Bill Clinton talks about the real Hillary, not the false 'cartoon'
© Greg Nash

This is the third installment in a daily series chronicling contributor Lanny Davis's experience at the Democratic National Convention as a Maryland delegation member of the Convention Credentials Committee. Read the first and second installments here and here.

On Tuesday night, former President Bill ClintonWilliam (Bill) Jefferson ClintonIt’s not too late for progressives and Democrats to rethink anti-poverty strategies Conservative commentator: Trump administration 'can’t keep gaslighting people' MTV launches initiative to get young people to register to vote MORE seemed to want to accomplish two things. First, to describe the real Hillary ClintonHillary Diane Rodham ClintonLanny Davis: Cohen 'more than happy' to tell Mueller 'all that he knows' Trump lashes out after Cohen, Manafort blows Hillicon Valley: Manafort found guilty on eight counts | Facebook identifies new influence campaigns | Microsoft says Russia tried to hack Senate, think tanks | States urge court to block net neutrality repeal MORE as a human being vs. the cartoon character, created in large part by hateful partisans and repeated endlessly and uncritically by the media; and second, to prove, through facts and not rhetoric, that Hillary Clinton is a change agent — and has always been during the almost 45 years since they first met, and will continue to be as our next president.


Bill and Hillary Clinton are now focused on what we all know is the 20 percent of the electorate that can still be called "persuadable" — still open to learning facts and information that will change their perhaps negative perception of Hillary Clinton.

Think of a football field: This election is now down to persuading those who politically live between the two 40-yard lines at midfield.

Bill Clinton spoke to them Tuesday night. His story about his early personal impressions of Hillary confirms what all of us who are her longtime friends have long known: The greatest personal characteristic in her life has been her commitment to public service and helping others who are less well-off.

Bill Clinton used undisputed facts about what she actually did with her life over the years well before she ever ran for president or any political office. And those facts prove her authenticity, warmth, sense of humor, empathy, care for others and, and most of all — most of all — her commitment to public service and helping people in need improve their lives.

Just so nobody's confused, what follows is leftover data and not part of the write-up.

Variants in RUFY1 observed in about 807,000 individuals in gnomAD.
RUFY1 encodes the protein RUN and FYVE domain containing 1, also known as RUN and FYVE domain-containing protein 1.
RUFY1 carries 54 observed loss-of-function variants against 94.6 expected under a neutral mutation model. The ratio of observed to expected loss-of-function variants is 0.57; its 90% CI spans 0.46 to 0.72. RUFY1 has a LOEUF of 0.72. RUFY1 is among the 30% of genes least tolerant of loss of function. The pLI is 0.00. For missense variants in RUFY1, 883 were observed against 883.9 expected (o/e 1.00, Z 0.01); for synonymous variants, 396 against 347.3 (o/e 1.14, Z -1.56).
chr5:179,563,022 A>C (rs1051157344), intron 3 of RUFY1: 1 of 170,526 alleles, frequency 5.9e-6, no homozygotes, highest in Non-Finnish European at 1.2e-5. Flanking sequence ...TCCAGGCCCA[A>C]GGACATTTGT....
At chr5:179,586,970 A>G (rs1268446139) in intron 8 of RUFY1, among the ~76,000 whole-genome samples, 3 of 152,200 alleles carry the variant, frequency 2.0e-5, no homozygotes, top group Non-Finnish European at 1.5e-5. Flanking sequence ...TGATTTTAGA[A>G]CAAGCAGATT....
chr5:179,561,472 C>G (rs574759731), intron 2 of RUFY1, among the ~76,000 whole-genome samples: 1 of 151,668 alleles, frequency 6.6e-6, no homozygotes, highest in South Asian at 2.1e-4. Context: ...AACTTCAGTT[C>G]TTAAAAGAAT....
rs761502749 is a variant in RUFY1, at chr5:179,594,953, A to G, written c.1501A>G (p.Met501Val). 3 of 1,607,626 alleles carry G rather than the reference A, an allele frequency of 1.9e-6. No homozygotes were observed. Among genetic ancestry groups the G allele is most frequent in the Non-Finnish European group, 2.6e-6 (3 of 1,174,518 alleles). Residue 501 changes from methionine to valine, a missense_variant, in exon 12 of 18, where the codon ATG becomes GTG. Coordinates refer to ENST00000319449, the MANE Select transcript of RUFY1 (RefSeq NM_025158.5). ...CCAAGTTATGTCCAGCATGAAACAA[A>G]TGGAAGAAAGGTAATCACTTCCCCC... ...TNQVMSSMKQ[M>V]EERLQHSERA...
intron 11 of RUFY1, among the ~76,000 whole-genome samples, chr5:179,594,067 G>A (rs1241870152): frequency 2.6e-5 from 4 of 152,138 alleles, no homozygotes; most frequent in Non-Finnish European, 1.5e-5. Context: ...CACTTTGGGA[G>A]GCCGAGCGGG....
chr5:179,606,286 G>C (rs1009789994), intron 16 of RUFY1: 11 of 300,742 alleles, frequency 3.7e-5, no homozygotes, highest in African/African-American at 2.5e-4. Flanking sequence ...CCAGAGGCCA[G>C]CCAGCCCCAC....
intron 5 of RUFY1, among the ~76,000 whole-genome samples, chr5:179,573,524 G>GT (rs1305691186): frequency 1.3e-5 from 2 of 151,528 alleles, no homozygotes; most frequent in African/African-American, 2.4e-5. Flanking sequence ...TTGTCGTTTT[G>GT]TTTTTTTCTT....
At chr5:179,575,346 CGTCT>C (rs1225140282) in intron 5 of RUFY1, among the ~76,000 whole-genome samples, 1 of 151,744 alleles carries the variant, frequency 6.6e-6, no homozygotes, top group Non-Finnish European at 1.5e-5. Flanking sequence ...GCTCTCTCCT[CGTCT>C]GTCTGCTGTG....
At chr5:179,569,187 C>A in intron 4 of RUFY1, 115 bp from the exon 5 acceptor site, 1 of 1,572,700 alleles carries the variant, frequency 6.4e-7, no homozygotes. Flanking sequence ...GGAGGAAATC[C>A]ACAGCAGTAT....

And maybe her mistakes over the years — she is, after all, a human being who can make mistakes — need to be put into perspective over a lifetime of work for the public good, years and years before she ever thought about running for political office. She already admitted the mistakes she made regarding the Department of State emails. Maybe Bill Clinton helped the persuadables put those mistakes in appropriate perspective, in the context of her life's work.

The second part of Bill Clinton's speech was about Hillary being a "change agent." Again, facts, facts, facts — they speak to whether or not Hillary Clinton is a candidate of the status quo or actually a change agent. He used many examples to prove the accuracy of that label, beginning with her work during law school in legal services clinics; during the summer, registering voters; after law school, for the children's defense fund; as first lady in Arkansas, in public education and health care; as first lady in the White House.

Also, to state the obvious: How is it possible that someone who is possibly about to make history and become the first female president of the United States represents the status quo?


Now we wait for Wednesday night, when we hear from the man she ran against and who appointed her to be his secretary of State — President Obama — who knows her work as secretary and as a colleague better than anyone besides her husband.

Obama will have the nation's attention on Wednesday night, and so will Vice President Joe BidenJoseph (Joe) Robinette BidenElizabeth Warren says focused on Senate race, not 'on running for president in 2020' Biden endorses first Latina attorney general candidate in Arizona Bernie Sanders socialism moves to Democratic mainstream MORE and the presumptive nominee for vice president, Sen. Tim KaineTimothy (Tim) Michael KaineRubio: Top US political groups should expect Russian cyberattacks Senators demand answers on reported lead poisoning at Army bases GOP Senate candidate photoshops Tim Kaine shaking hands with Stalin MORE (Va.) We will see — as they add additional facts and information about Hillary Clinton as public servant — whether more and more of those people between the 40-yard lines will start to see her as she really is, not as the cartoon character Trump would like them to believe.

We shall see.

And then, of course, the major moment will come on Thursday night, when Hillary Clinton herself, as the first female nominee of a major political party in the history of the U.S., will make great progress in showing the country who she really is and why she should be our next president.

Davis is co-founder of both the Washington law firm Davis Goldberg Galper PLLC and Trident DMG, a strategic media firm specializing in crisis management. He served as special counsel to President Clinton in 1996-98 and is a regular columnist for The Hill newspaper. He has been a friend of Hillary Clinton since they were students at Yale Law School together in 1969-70.

The views expressed by contributors are their own and not the views of The Hill.